Schuylkill River Trail

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Schuylkill River Trail
The trail runs along the Schuylkill River in Philadelphia, near the Philadelphia Museum of Art
UseMulti-use trail
  • Paved
  • Crushed stone
  • Wooden boardwalk
  • On-road
Maintained by
  • Schuylkill River Development Corp.
  • Montgomery County
  • Chester County
  • Schuylkill River Greenway Assn.

The Schuylkill River Trail (/ˈsklkɪl/ SKOOL-kil,[1] locally /-kəl/)[2] is a multi-use trail along the banks of the Schuylkill River in southeastern Pennsylvania. Partially complete as of 2018, the trail is ultimately planned to run about 140 miles (230 km) from the river's headwaters in Schuylkill County to Fort Mifflin in Philadelphia.

Completed portions of the trail include a section from Auburn to Hamburg, a 19.5-mile (31.4 km) portion from Reading to Pottstown, and a 23.2-mile (37.3 km) portion from Oaks to where Christian Street would meet the Schuylkill River,[3] just South of Center City Philadelphia and East of University of Pennsylvania.[4]

Large stretches of the trail are rail trails. Parts of it belong to the East Coast Greenway, a 3,000-mile trail system connecting Maine to Florida.

On many maps and street atlases, and on some of the trail's signage, the segment between Philadelphia and Valley Forge is still identified by the older name Philadelphia–Valley Forge Trail.[5]

Trail description[edit]

Auburn to Pottstown[edit]

Schuylkill River Trail at the Pottstown Riverfront Park

The Schuylkill River Trail begins at a trailhead at the Kernsville Dam in Auburn just above Hamburg.[4] The trail runs through Reading to Pottstown until it reaches the Riverfront Park on College Drive near the Reading Railroad Pottstown Station. This section passes through the Schuylkill River National and State Heritage Area, an area generally known for recreational fishing.[6]

In lower Berks County, the trail follows the existing Thun Trail, named for industrialist Ferdinand Thun, who founded the Textile Machine Works in Reading in 1892 (later moved to the borough of Wyomissing, a suburb of Reading, in 1896).[7][8] Plans are underway for a connection from Reading, north to Hamburg. The current northern edge links the trail with the Union Canal towpath.

The trail begins in North Reading, along Riverview Drive, then quickly crosses an old railroad bridge into West Reading. It then continues as a mixed-surface path of macadam, gravel, coarse stone, and chalk to Gibraltar where it becomes a poorly marked on-road bicycle route following Old River Road and Schuylkill Road to Birdsboro. From there, the trail follows the old concrete industrial collector, Armorcast Road, to the rear entrance of a ballfield. The trail then goes off-road as a gravel path to the county line where it meets the paved Schuylkill River Trail, which currently terminates in Pottstown.

Pottstown to Phoenixville / Mont Clare[edit]

Trail at mile 23 marker

Two routes have been proposed for this stretch. One would come down the right bank (Chester County side) and end near Cromby Generating Station, above Phoenixville, then use borough streets and the Mont Clare Bridge (PA29) to connect with the trail section along the Canal in Mont Clare. The other plan would bring the trail down the left bank to Mont Clare. It appears that both options may eventually be built, with the Chester County trail proceeding first and carrying the main SRT designation.

In April 2011, the Spring City-to-Cromby segment opened on the Chester County side. This segment includes a new trailhead on Township Line Road, near the Cromby Power Plant.

Until 2020, there was a disconnect in the official SRT between Phoenixville and Mont Clare, although foot and bicycle traffic easily used the Mont Clare Bridge sidewalk to connect. In 2019-2020 the sidewalk was replaced with a 10 foot wide, barrier protected trail segment, officially closing the gap.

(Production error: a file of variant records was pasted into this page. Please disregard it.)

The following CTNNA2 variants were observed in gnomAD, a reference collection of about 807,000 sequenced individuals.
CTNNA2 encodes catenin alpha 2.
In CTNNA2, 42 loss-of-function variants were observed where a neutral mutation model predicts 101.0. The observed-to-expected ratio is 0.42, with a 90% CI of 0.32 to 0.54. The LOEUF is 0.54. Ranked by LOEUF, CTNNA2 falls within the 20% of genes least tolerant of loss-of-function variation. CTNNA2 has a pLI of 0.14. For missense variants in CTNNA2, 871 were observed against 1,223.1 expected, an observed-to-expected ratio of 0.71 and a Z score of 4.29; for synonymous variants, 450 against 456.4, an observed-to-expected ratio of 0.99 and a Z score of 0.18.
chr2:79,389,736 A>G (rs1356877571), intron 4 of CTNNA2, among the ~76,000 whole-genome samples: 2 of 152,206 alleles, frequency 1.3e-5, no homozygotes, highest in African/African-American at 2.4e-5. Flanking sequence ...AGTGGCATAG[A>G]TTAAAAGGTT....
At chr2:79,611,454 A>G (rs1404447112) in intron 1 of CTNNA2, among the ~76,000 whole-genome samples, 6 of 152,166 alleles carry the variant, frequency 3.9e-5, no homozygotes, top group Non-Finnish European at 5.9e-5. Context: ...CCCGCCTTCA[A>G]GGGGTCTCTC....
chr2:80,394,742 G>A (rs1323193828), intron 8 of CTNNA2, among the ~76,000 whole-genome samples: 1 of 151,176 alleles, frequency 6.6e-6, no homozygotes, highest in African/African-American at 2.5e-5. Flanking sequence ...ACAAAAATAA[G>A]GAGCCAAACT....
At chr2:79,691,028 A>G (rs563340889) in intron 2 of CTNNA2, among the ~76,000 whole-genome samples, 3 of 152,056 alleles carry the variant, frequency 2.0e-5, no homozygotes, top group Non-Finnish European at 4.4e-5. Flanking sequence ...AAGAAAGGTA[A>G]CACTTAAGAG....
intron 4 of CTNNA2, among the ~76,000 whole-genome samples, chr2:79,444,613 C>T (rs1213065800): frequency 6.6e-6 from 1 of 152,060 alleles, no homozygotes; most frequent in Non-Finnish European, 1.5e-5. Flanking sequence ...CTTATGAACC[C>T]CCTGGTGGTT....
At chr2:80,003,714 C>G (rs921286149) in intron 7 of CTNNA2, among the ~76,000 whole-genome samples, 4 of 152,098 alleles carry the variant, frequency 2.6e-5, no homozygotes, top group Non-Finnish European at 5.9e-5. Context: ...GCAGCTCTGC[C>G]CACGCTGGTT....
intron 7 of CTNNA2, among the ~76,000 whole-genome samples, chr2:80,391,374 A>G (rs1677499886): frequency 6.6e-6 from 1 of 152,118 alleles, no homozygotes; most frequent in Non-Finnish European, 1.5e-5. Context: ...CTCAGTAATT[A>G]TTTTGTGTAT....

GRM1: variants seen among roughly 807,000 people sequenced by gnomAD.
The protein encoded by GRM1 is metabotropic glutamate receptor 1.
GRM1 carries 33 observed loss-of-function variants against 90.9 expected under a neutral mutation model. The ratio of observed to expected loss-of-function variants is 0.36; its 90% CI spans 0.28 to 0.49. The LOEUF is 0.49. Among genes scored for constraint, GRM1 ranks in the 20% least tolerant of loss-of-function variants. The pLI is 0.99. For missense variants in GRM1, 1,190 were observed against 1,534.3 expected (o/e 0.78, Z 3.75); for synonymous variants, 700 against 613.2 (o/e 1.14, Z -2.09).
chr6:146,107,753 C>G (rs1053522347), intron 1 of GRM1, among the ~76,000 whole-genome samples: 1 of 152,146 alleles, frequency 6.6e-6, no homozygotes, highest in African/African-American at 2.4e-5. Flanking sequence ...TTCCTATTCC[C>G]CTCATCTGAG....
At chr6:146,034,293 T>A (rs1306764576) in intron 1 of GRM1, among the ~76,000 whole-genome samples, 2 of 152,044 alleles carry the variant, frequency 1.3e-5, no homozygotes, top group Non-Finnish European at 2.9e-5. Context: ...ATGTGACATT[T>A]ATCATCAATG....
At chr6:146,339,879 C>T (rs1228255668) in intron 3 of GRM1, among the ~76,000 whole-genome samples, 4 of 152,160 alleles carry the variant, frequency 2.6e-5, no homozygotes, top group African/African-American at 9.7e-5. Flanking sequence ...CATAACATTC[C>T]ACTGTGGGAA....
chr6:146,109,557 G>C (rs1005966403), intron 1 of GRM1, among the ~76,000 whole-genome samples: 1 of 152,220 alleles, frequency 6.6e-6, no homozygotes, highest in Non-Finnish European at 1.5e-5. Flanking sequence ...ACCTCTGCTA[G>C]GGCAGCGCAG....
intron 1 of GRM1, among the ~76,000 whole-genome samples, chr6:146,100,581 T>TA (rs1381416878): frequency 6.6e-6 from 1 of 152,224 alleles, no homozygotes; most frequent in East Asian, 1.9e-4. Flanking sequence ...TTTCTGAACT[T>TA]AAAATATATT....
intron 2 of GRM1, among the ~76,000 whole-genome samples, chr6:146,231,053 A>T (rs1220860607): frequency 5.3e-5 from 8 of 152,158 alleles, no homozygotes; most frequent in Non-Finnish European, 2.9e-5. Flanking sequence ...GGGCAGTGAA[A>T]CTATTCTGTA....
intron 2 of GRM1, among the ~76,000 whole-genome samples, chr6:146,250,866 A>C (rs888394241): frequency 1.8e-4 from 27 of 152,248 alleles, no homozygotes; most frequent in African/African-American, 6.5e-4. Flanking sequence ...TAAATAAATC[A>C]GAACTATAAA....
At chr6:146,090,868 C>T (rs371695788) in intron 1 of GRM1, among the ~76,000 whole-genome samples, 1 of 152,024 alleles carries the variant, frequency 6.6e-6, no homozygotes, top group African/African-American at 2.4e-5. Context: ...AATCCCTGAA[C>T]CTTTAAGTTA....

Mont Clare to Oaks[edit]

The trail in Montgomery County next to U.S. Route 422

The stretch of trail from Mont Clare to the Perkiomen Creek near Oaks opened in the spring of 2008. In the first phase of construction the southern section of the trail between Longford Road at the present watered end of the Oakes Reach of the Schuylkill Canal and the Oaks intersection with the Perkiomen Trail was constructed. This section follows much of the filled portion of the Oakes Reach and is paved except for a gravel segment of about half a mile (which also includes a short trail detour). To cross the three streams in this section, two new culverts were constructed and the trail temporarily routed over a historical aqueduct from the Canal at Crossman's Run. A new bridge was built across Crossman's Run for the trail and the paving was completed.

The historic Schuylkill Canal aqueduct carries the trail over Crossman's Run near Oaks

For phase 1, the northern section, upstream of Longford Road, is signed along the low volume Port Providence Road and Walnut Street, which run along the left bank of the Canal, to reach Mont Clare. In a second phase of construction for the northern segment, the Canal towpath on the canal right bank will be refurbished, and a small bridge constructed over a spillway near Port Providence. On February 14, 2008, a meeting was held to announce the survey work for the Phase 2 extension. This would provide an off-road alternative between Longford Road and Mont Clare. It was expected that the towpath restoration itself would commence in the fall of 2010,[9] but Montgomery County put the project on hold due to budget constraints. In early 2013, construction was started on the towpath portion of the trail with improvements to the Route 29 underpass and construction of a new spillway and foot bridge opposite Port Providence.

Oaks to Philadelphia[edit]

The trail through downtown Conshohocken

The next segment of the trail begins in Oaks at the southern end of the Perkiomen Trail and a trailhead at Pawlings Road. This paved segment runs along the abandoned trackbed of the former Schuylkill Branch of the Pennsylvania Railroad. It runs beside U.S. Route 422 for a short distance, then runs through Valley Forge National Historical Park. After leaving the park at Betzwood, it continues along the river to Norristown, where it crosses over U.S. Route 202 and runs through the middle of the Norristown Transportation Center.

The trail continues eastwards, now parallel to the SEPTA Manayunk/Norristown rail line. On entering Conshohocken, it passes through industrial areas, under Interstate 476, and intersects the local Cross County Trail.


Trail Entering Philadelphia
The Schuylkill River Trail in Schuylkill Banks park, Philadelphia

Shortly after crossing into Philadelphia, trail traffic is briefly directed onto Nixon and Shawmont Streets, crossing the SEPTA Manayunk/Norristown Line's tracks at the decommissioned Shawmont station.